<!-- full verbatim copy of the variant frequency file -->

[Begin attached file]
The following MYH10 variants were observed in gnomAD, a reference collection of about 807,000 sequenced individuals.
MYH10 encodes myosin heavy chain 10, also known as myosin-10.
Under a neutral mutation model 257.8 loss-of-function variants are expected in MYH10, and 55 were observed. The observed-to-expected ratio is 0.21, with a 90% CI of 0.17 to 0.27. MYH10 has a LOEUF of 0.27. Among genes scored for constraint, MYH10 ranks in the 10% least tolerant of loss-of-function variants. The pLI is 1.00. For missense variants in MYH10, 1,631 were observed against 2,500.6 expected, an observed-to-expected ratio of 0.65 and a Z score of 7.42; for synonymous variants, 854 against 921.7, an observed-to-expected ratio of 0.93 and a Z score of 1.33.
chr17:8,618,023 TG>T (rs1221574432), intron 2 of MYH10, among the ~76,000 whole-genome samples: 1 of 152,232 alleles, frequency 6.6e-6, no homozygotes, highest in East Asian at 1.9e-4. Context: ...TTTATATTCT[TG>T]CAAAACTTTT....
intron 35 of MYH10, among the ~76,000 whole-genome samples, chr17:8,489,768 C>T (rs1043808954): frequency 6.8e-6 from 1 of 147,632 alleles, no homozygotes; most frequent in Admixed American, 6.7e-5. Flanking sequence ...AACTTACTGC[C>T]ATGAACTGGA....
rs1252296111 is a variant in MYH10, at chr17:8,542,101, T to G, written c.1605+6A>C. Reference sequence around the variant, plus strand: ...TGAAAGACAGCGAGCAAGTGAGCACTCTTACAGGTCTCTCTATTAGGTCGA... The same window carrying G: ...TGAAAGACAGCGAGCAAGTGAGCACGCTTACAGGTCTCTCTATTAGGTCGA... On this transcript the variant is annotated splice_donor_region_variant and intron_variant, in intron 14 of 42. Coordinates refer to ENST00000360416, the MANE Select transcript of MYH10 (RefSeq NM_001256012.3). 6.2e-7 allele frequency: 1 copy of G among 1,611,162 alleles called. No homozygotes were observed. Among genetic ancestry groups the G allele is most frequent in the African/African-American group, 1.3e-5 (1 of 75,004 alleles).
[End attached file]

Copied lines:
The following MYH10 variants were observed in gnomAD, a reference collection of about 807,000 sequenced individuals.
MYH10 encodes myosin heavy chain 10, also known as myosin-10.
Under a neutral mutation model 257.8 loss-of-function variants are expected in MYH10, and 55 were observed. The observed-to-expected ratio is 0.21, with a 90% CI of 0.17 to 0.27. MYH10 has a LOEUF of 0.27. Among genes scored for constraint, MYH10 ranks in the 10% least tolerant of loss-of-function variants. The pLI is 1.00. For missense variants in MYH10, 1,631 were observed against 2,500.6 expected, an observed-to-expected ratio of 0.65 and a Z score of 7.42; for synonymous variants, 854 against 921.7, an observed-to-expected ratio of 0.93 and a Z score of 1.33.
chr17:8,618,023 TG>T (rs1221574432), intron 2 of MYH10, among the ~76,000 whole-genome samples: 1 of 152,232 alleles, frequency 6.6e-6, no homozygotes, highest in East Asian at 1.9e-4. Context: ...TTTATATTCT[TG>T]CAAAACTTTT....
intron 35 of MYH10, among the ~76,000 whole-genome samples, chr17:8,489,768 C>T (rs1043808954): frequency 6.8e-6 from 1 of 147,632 alleles, no homozygotes; most frequent in Admixed American, 6.7e-5. Flanking sequence ...AACTTACTGC[C>T]ATGAACTGGA....
rs1252296111 is a variant in MYH10, at chr17:8,542,101, T to G, written c.1605+6A>C. Reference sequence around the variant, plus strand: ...TGAAAGACAGCGAGCAAGTGAGCACTCTTACAGGTCTCTCTATTAGGTCGA... The same window carrying G: ...TGAAAGACAGCGAGCAAGTGAGCACGCTTACAGGTCTCTCTATTAGGTCGA... On this transcript the variant is annotated splice_donor_region_variant and intron_variant, in intron 14 of 42. Coordinates refer to ENST00000360416, the MANE Select transcript of MYH10 (RefSeq NM_001256012.3). 6.2e-7 allele frequency: 1 copy of G among 1,611,162 alleles called. No homozygotes were observed. Among genetic ancestry groups the G allele is most frequent in the African/African-American group, 1.3e-5 (1 of 75,004 alleles).